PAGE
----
Rarely do clubs bounce back from cup final defeats this quickly, but Newcastle United can shake this one off safe in the knowledge it is the beginning of something – a precursor to a new era of power and wealth following their controversial acquisition by the Saudi Arabia Public Investment Fund in 2021.
But while their future will be filled with forceful dominance and expectation, alongside accusations of financial doping and sportswashing like Manchester City before them, their appearance in this year’s EFL Cup final – and challenge for the top four – perhaps should not be judged on that basis. There has been so much talk of Newcastle’s ownership (and yes, something like £300 million has been spent in the last two years) that it might have blinded us to just how far ahead of schedule they are – thanks to the work of Eddie Howe.
His team are significantly overperforming, and Howe deserves credit for finding the perfect way to bridge the gap between Newcastle as relegation candidates and expectant title challengers.
Broadly speaking, the world’s best sides deploy high pressing and a high backline in order to dominate possession and territory while the weaker teams must hunch in a more defensive formation and wait for opportunities to counter-attack.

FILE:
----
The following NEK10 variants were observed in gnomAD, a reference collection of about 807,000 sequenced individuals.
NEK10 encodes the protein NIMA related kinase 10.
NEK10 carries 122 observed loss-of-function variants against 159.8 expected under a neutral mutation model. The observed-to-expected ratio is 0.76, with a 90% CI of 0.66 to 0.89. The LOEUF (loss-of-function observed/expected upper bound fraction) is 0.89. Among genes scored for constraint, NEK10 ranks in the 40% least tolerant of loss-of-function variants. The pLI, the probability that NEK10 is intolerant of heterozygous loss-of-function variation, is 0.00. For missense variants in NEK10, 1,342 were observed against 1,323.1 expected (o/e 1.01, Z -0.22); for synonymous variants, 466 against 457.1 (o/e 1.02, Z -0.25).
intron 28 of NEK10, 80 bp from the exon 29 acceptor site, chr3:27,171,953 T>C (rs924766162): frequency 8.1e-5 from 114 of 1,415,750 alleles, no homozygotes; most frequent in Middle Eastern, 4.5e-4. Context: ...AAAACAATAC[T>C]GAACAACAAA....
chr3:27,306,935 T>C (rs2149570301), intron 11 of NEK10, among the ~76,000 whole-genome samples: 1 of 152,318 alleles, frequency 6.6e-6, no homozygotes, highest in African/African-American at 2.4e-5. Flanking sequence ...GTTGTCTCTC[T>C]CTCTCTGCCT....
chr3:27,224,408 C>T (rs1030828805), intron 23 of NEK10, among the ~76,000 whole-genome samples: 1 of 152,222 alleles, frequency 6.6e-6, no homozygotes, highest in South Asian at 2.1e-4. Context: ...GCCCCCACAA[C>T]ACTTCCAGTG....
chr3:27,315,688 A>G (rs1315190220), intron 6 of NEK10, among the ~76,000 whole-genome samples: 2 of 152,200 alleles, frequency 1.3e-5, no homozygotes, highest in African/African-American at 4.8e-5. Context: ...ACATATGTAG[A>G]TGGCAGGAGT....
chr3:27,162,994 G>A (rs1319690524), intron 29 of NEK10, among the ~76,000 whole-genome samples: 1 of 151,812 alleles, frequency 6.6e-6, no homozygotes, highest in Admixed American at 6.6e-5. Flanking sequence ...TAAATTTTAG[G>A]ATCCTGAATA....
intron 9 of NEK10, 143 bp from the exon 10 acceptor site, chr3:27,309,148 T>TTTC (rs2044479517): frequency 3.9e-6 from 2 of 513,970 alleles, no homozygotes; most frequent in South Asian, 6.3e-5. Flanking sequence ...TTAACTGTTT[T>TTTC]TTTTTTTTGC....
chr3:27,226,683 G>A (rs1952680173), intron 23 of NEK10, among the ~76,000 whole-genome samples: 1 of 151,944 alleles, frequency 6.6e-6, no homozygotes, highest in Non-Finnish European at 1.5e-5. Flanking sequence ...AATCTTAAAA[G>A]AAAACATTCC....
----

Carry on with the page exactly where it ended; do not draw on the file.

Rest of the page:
Howe’s Newcastle, as we show here, is a perfect midpoint between these two ideas: his fast transition-heavy football, built on defensive sturdiness in the middle third of the pitch, is pulling Newcastle up the pitch and through the first phase of their evolution.
Quick Transitions, Narrow Attacking Lines
Howe’s 4-3-3 is designed to sit predominantly in that central third, the lines ultra-compressed and the football defined by sudden and fast breaks in the transition (the moment when the ball is turned over and the opposition is dishevelled and vulnerable).
In terms of basic shape, generally left-back Dan Burn tucks in to make a back three so Kieran Trippier can move forward, while two free eights are joined by inverted wingers to give the number six – usually Bruno Guimaraes – options to funnel the ball through the centre.
And Newcastle really do pack the centre: their ‘absolute width’ per sequence is measured at 24.4 metres, the second lowest in the division behind Brentford. This narrowness helps Newcastle surround the opponent to create better pressing and more attacking transitions (more on that below) but also helps create surging counters as wingers Miguel Almirón and Joelinton or Allan Saint-Maximin run diagonally infield.